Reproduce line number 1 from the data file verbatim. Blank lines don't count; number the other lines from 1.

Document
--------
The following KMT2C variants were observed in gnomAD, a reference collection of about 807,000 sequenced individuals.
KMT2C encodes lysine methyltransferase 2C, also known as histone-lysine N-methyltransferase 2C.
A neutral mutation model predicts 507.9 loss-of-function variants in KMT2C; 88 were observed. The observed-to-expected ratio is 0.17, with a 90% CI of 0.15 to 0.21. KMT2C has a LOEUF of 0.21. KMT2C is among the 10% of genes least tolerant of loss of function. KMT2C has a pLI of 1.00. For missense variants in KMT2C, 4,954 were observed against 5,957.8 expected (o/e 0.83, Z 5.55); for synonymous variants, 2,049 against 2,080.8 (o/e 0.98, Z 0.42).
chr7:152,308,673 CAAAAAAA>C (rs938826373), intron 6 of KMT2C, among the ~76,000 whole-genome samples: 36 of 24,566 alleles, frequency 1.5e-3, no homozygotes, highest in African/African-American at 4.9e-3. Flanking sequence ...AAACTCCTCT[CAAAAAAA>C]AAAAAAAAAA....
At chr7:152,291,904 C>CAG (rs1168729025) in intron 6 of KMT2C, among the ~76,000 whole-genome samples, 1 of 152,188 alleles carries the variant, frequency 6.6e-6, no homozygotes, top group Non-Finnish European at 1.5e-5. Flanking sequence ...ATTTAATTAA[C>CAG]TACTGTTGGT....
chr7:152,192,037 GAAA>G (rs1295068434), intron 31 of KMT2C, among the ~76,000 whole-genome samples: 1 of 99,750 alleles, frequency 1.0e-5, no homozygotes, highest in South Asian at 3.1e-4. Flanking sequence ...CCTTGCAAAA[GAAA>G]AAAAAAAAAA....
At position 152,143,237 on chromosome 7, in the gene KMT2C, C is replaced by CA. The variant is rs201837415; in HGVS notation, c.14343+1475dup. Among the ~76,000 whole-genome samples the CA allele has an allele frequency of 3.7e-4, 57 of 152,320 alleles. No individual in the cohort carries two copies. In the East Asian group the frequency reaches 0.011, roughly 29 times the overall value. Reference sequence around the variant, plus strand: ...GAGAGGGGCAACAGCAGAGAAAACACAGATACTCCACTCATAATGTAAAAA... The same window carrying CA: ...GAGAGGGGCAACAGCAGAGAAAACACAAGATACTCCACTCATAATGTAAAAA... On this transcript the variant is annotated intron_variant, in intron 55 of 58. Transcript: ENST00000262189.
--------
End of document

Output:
The following KMT2C variants were observed in gnomAD, a reference collection of about 807,000 sequenced individuals.